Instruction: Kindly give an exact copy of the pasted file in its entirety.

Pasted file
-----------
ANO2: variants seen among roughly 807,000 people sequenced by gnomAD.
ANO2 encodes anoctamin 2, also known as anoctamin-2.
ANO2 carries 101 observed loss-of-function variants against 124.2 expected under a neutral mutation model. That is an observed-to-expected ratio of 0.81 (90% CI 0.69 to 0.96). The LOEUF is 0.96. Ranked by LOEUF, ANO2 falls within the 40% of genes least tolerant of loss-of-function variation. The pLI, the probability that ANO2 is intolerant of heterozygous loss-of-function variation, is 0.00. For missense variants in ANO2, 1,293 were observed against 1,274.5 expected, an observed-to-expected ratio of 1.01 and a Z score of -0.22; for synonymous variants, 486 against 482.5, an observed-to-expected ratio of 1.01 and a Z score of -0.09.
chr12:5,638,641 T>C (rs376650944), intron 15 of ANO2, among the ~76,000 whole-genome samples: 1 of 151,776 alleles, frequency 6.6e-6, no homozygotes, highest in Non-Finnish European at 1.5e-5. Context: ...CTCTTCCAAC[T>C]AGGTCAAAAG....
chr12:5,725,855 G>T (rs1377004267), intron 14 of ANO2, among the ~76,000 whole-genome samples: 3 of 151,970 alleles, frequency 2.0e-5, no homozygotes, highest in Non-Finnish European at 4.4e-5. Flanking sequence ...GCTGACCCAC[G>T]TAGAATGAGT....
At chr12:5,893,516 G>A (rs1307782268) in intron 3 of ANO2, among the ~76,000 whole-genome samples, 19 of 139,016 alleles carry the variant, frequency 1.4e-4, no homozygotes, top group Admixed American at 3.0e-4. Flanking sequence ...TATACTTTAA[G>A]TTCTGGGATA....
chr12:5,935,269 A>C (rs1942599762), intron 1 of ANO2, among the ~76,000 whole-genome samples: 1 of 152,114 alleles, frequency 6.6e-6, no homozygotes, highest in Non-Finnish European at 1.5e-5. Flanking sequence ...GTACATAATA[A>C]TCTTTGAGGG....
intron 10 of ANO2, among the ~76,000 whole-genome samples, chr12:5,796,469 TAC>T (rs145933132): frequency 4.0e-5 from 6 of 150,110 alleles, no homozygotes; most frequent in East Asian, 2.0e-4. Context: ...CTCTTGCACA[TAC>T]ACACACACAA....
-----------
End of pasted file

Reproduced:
ANO2: variants seen among roughly 807,000 people sequenced by gnomAD.
ANO2 encodes anoctamin 2, also known as anoctamin-2.
ANO2 carries 101 observed loss-of-function variants against 124.2 expected under a neutral mutation model. That is an observed-to-expected ratio of 0.81 (90% CI 0.69 to 0.96). The LOEUF is 0.96. Ranked by LOEUF, ANO2 falls within the 40% of genes least tolerant of loss-of-function variation. The pLI, the probability that ANO2 is intolerant of heterozygous loss-of-function variation, is 0.00. For missense variants in ANO2, 1,293 were observed against 1,274.5 expected, an observed-to-expected ratio of 1.01 and a Z score of -0.22; for synonymous variants, 486 against 482.5, an observed-to-expected ratio of 1.01 and a Z score of -0.09.
chr12:5,638,641 T>C (rs376650944), intron 15 of ANO2, among the ~76,000 whole-genome samples: 1 of 151,776 alleles, frequency 6.6e-6, no homozygotes, highest in Non-Finnish European at 1.5e-5. Context: ...CTCTTCCAAC[T>C]AGGTCAAAAG....
chr12:5,725,855 G>T (rs1377004267), intron 14 of ANO2, among the ~76,000 whole-genome samples: 3 of 151,970 alleles, frequency 2.0e-5, no homozygotes, highest in Non-Finnish European at 4.4e-5. Flanking sequence ...GCTGACCCAC[G>T]TAGAATGAGT....
At chr12:5,893,516 G>A (rs1307782268) in intron 3 of ANO2, among the ~76,000 whole-genome samples, 19 of 139,016 alleles carry the variant, frequency 1.4e-4, no homozygotes, top group Admixed American at 3.0e-4. Flanking sequence ...TATACTTTAA[G>A]TTCTGGGATA....
chr12:5,935,269 A>C (rs1942599762), intron 1 of ANO2, among the ~76,000 whole-genome samples: 1 of 152,114 alleles, frequency 6.6e-6, no homozygotes, highest in Non-Finnish European at 1.5e-5. Flanking sequence ...GTACATAATA[A>C]TCTTTGAGGG....
intron 10 of ANO2, among the ~76,000 whole-genome samples, chr12:5,796,469 TAC>T (rs145933132): frequency 4.0e-5 from 6 of 150,110 alleles, no homozygotes; most frequent in East Asian, 2.0e-4. Context: ...CTCTTGCACA[TAC>T]ACACACACAA....